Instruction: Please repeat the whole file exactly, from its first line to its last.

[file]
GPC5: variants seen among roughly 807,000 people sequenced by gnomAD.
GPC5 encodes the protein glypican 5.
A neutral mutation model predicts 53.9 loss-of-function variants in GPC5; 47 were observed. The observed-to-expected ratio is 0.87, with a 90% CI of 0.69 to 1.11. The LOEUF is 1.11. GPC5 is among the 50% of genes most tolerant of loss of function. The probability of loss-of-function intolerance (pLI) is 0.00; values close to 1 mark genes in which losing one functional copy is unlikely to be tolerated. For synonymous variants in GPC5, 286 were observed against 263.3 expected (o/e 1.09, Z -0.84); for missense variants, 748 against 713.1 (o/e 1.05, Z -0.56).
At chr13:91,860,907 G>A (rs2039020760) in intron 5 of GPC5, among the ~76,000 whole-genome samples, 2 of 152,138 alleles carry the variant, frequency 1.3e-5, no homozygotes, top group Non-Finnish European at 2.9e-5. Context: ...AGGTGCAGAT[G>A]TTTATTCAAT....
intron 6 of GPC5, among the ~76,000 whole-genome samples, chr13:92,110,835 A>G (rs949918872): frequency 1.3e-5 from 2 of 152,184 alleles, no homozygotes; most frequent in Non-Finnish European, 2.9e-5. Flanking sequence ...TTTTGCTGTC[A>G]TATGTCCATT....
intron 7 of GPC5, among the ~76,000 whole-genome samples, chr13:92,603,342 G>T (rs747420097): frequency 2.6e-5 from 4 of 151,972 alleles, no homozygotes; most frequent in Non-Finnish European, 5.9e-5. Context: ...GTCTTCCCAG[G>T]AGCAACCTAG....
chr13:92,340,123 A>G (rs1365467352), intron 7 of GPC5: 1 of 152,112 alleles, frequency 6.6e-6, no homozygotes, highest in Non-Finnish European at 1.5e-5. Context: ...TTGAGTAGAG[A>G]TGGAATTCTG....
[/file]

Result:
GPC5: variants seen among roughly 807,000 people sequenced by gnomAD.
GPC5 encodes the protein glypican 5.
A neutral mutation model predicts 53.9 loss-of-function variants in GPC5; 47 were observed. The observed-to-expected ratio is 0.87, with a 90% CI of 0.69 to 1.11. The LOEUF is 1.11. GPC5 is among the 50% of genes most tolerant of loss of function. The probability of loss-of-function intolerance (pLI) is 0.00; values close to 1 mark genes in which losing one functional copy is unlikely to be tolerated. For synonymous variants in GPC5, 286 were observed against 263.3 expected (o/e 1.09, Z -0.84); for missense variants, 748 against 713.1 (o/e 1.05, Z -0.56).
At chr13:91,860,907 G>A (rs2039020760) in intron 5 of GPC5, among the ~76,000 whole-genome samples, 2 of 152,138 alleles carry the variant, frequency 1.3e-5, no homozygotes, top group Non-Finnish European at 2.9e-5. Context: ...AGGTGCAGAT[G>A]TTTATTCAAT....
intron 6 of GPC5, among the ~76,000 whole-genome samples, chr13:92,110,835 A>G (rs949918872): frequency 1.3e-5 from 2 of 152,184 alleles, no homozygotes; most frequent in Non-Finnish European, 2.9e-5. Flanking sequence ...TTTTGCTGTC[A>G]TATGTCCATT....
intron 7 of GPC5, among the ~76,000 whole-genome samples, chr13:92,603,342 G>T (rs747420097): frequency 2.6e-5 from 4 of 151,972 alleles, no homozygotes; most frequent in Non-Finnish European, 5.9e-5. Context: ...GTCTTCCCAG[G>T]AGCAACCTAG....
chr13:92,340,123 A>G (rs1365467352), intron 7 of GPC5: 1 of 152,112 alleles, frequency 6.6e-6, no homozygotes, highest in Non-Finnish European at 1.5e-5. Context: ...TTGAGTAGAG[A>G]TGGAATTCTG....